Paying Tribute: A Visit with Hank and Audrey Williams

Paying tribute. It’s something I’ve always liked to do. Whether it’s having one of the person’s favorites, whether it be candy or food. To physically visiting their grave and having a chat with them for a bit.

Yes, I know that the actual person isn’t lying beneath that cold hard stone, only their Earthly body, but their soul, the part of a person that actually makes a human who they are, resides in Heaven.

Last Sunday, my girlfriend and I exchanged gifts at my house a day after Christmas because we were both busy with family on Christmas Day, which is completely and totally understandable.

After we exchanged gifts, we went to eat sushi at Rock N Roll Sushi in Montgomery, because it’d been a while since we had both had sushi and we like it, so why not?

Soon, after we had finished eating sushi, we headed to Oakwood Annex Cemetery in Montgomery to visit with believe it or not, not just one but two country music legends.

One who is considered by many to be the Father of Country Music, Hank Williams Sr., and his wife, Mrs. Audrey Mae Sheppard Guy Williams.

Not many people know this, but Hank and Mrs. Audrey met in Andalusia late summer of 1943, but didn’t marry until December 1944. It’s also believed that by the time they both passed away, Hank of course long before Audrey, the couple was actually divorced.

Of course, Hank Williams is best known as the father of Hank Williams Jr., but he also had an adopted daughter named Lycrecia.

Lycrecia is the daughter of Audrey Mae Sheppard Guy Williams and James Erskine Guy, her full name is Lycrecia Ann Guy Williams.

She was born August 13, 1941, but not long thereafter, Mrs. Audrey and Erskine divorced that same year and Hank adopted Lycrecia some time between 1943 and 1953, so she refers to old drifter as “daddy”.

As my girlfriend arrived at the final resting place of the two legends, I felt the wind die down and I approached the graves.

Now, these aren’t your usual small, intimate graves. These graves feature large headstones and raised concrete slabs.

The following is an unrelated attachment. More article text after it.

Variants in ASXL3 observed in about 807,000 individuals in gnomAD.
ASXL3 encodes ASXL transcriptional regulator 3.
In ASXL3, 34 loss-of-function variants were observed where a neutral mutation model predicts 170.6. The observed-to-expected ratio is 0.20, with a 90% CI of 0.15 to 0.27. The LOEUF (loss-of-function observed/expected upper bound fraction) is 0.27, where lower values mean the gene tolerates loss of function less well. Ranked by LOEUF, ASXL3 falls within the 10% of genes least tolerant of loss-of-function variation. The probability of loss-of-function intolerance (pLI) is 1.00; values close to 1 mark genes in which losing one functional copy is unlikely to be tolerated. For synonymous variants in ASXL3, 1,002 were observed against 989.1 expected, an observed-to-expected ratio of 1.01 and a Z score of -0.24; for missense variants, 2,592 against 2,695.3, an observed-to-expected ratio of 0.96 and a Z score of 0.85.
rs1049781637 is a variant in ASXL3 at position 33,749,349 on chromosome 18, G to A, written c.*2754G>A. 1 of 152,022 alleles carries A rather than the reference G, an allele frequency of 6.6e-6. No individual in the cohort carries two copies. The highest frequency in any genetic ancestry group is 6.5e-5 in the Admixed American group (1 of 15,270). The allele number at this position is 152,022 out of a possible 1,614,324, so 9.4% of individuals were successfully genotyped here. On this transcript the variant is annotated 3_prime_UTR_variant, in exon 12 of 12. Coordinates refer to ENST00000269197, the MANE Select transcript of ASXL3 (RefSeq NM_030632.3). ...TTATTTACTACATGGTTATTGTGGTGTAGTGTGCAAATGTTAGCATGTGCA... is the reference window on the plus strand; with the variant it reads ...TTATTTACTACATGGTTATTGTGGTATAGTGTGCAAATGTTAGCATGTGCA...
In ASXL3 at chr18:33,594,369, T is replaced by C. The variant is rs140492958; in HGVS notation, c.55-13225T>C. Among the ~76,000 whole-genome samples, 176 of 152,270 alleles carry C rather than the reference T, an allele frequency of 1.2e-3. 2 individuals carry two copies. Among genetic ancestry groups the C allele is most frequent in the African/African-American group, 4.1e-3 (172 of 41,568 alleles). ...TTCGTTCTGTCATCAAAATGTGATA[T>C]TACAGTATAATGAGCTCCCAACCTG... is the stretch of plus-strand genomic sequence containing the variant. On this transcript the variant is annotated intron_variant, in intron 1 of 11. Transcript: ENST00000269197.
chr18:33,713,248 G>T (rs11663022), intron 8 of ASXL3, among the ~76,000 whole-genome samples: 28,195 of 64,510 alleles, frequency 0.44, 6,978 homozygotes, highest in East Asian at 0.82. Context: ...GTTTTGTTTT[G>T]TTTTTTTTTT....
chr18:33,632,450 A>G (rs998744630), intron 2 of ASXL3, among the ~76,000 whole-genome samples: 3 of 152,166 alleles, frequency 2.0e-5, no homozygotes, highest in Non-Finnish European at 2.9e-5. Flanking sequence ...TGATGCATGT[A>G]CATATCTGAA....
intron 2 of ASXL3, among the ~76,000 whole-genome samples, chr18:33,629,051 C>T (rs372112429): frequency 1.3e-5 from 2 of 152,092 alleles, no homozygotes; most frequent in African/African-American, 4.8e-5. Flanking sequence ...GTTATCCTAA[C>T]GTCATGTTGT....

I sat down on a bench next to Hank’s resting place and listened to his hit song “I’m So Lonesome I Could Cry,” after the song ended I heard a train whistle off in the distance. It was as if Hank could hear his music being played.

Nearly 68 years after his untimely death, the spirit of old Hiram King “Hank” Williams is still searching for a way to get to that New Year’s Day 1953 show that he never made it to.

Rest In Peace, Hank and Mrs. Audrey Mae Sheppard Guy Williams, we miss you both.

Lizzie Borden Took an Axe: Spend the Night in a Haunted Massachusetts Bed & Breakfast

Surely we’ve all heard the story of the August 4, 1892 axe murders of Andrew and Abby Borden supposedly committed by Andrew’s daughter, Lizzie.

If you haven’t heard of the story or have forgotten it, surely you’ve heard of the nursery rhyme based on this tragic event.

Lizzie Borden was always known as a little strange girl, and according to multiple sources, she was known for shoplifting from a local store as a little girl, but the owners never did more than laugh and “Oh, that Lizzie” and then billed her father for it.

Lizzie’s mother Sarah, died when little Lizzie was two, and Lizzie was the youngest of three children. Her sister Emma was the oldest, ten years older than Lizzie and there was middle sister who actually passed away in her teens.